* Order of relay: Luane Rowe, Susan Moody, Mauricio Prieto, Richard Ernst, Shannon Navarro, and David Ogden

* Captain: Vito Bialla

Copyright © 2014 by World Open Water Swimming Association

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The Staff of the World Open Water Swimming Association

2014 Global Open Water Swimming Conference

Learn more...
Courtesy of WOWSA, Huntington Beach, California.

CLICK HERE TO REGISTER FOR THE CONFERENCE

The Global Open Water Swimming Conference is a conference on the sport of open water swimming, marathon swimming and swimming during triathlons and multi-sport endurance events.

The conference which has been attended by enthusiasts and luminaries from 6 continents, is devoted to providing information about the latest trends, race tactics, training techniques, equipment, psychological preparation, race organization and safety practices used in the sports of open water swimming, marathon swimming and triathlons.

The conference's mission is to provide opportunities to listen and meet many of the world's most foremost experts in open water swimming, and to meet and discuss the sport among swimmers, coaches, administrators, event organizers, sponsors, vendors, officials, escort pilots, and volunteers from kayakers to safety personnel.

Dozens of presentations at the 2014 Conference at the Mount Stuart House cover numerous aspects of the vast and growing world of open water swimming where attendees can learn and share the latest trends, race tactics, training modalities, swimming techniques, equipment, race organization, logistics, operations, and safety practices for open water swimming as a solo swimmer, competitive athlete, fitness swimmer, masters swimmer, triathlete, multi-sport athlete, administrator, race promoter, sponsor or referee.

The conference was first held in Long Beach, California as part of the 2010 USA Swimming National Open Water Swimming Championships. It has since been held on the Queen Mary in California, at Columbia University and the United Nations in New York City, and in Cork, Ireland. This year in September, it comes to another iconic location, the Mount Stuart House on the Isle of Bute in Scotland.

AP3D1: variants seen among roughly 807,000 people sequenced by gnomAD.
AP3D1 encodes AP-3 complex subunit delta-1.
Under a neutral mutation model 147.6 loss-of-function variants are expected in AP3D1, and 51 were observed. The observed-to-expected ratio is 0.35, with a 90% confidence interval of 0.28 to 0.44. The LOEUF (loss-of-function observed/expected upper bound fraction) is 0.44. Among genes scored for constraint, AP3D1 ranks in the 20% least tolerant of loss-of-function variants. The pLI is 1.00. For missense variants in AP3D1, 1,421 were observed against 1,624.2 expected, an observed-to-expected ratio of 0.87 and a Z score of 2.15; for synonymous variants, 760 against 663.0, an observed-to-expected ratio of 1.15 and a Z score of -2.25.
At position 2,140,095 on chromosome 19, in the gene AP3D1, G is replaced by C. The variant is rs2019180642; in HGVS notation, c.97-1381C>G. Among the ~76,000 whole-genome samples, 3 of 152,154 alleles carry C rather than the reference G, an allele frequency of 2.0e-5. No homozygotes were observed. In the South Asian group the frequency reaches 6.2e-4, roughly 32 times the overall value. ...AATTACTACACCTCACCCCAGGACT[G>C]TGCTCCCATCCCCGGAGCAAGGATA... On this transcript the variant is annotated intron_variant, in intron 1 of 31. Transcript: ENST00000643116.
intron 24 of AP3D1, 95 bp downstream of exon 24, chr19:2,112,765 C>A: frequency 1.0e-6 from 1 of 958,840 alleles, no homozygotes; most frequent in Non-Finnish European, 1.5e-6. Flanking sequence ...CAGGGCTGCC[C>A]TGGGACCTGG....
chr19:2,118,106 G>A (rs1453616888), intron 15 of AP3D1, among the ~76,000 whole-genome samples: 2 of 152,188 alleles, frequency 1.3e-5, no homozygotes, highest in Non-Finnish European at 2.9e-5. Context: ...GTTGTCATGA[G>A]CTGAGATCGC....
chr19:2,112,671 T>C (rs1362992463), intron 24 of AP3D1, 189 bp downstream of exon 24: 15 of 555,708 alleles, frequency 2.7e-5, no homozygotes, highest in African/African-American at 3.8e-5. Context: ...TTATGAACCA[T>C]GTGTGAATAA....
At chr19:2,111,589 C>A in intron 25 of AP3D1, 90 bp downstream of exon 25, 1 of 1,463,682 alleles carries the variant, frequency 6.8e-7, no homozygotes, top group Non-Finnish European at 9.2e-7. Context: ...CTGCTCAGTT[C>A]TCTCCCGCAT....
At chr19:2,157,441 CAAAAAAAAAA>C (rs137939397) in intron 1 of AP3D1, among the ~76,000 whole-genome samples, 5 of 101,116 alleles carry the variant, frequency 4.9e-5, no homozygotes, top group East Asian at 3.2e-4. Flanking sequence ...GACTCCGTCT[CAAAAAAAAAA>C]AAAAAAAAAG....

"The Global Open Water Swimming Conference was started due to the desire and need for athletes, coaches, referees, administrators, race directors, promoters and sponsors from around the world to share, collect and learn information about the growing sports of open water swimming, marathon swimming and triathlons," said founder Steven Munatones. "Other swimming conferences usually offering nothing on open water swimming or perhaps a speech or two, but we thought open water swimming deserves its own global conference. It is great that the community shares its information via the online social network, but there is nothing like meeting other open water swimming enthusiasts face-to-face and talking about the sport from morning to night."

Speakers at the conference include English Channel swimmers, ice swimmers, record holders, renowned coaches, world champions, professional marathon swimmers, renowned race directors, officials and administrators from the Africa, Americas, Asia, Europe and Oceania.

"Because the audience is passionate and educated about the sport and its finest practitioners, the Global Open Water Swimming Conference is also the location of the induction ceremonies for the International Marathon Swimming Hall of Fame and the annual WOWSA Awards that recognize the World Open Water Swimming Man of the Year, the World Open Water Swimming Woman of the Year, the World Open Water Swimming Performance of the Year, and the World Open Water Swimming Offering of the Year. Special Lifetime Achievement Awards are also occasionally presented to individuals who have made significant contributions to the sport over their career."

The 2014 Global Open Water Swimming Conference Programme

Wednesday, September 17th
Leave Glasgow to commence 2-day tour of Scotland [closest international airport is Glasgow]

Thursday, September 18th
Stay Mainland, North of Scotland

Friday, September 19th
14:00 - Swim Loch Lomond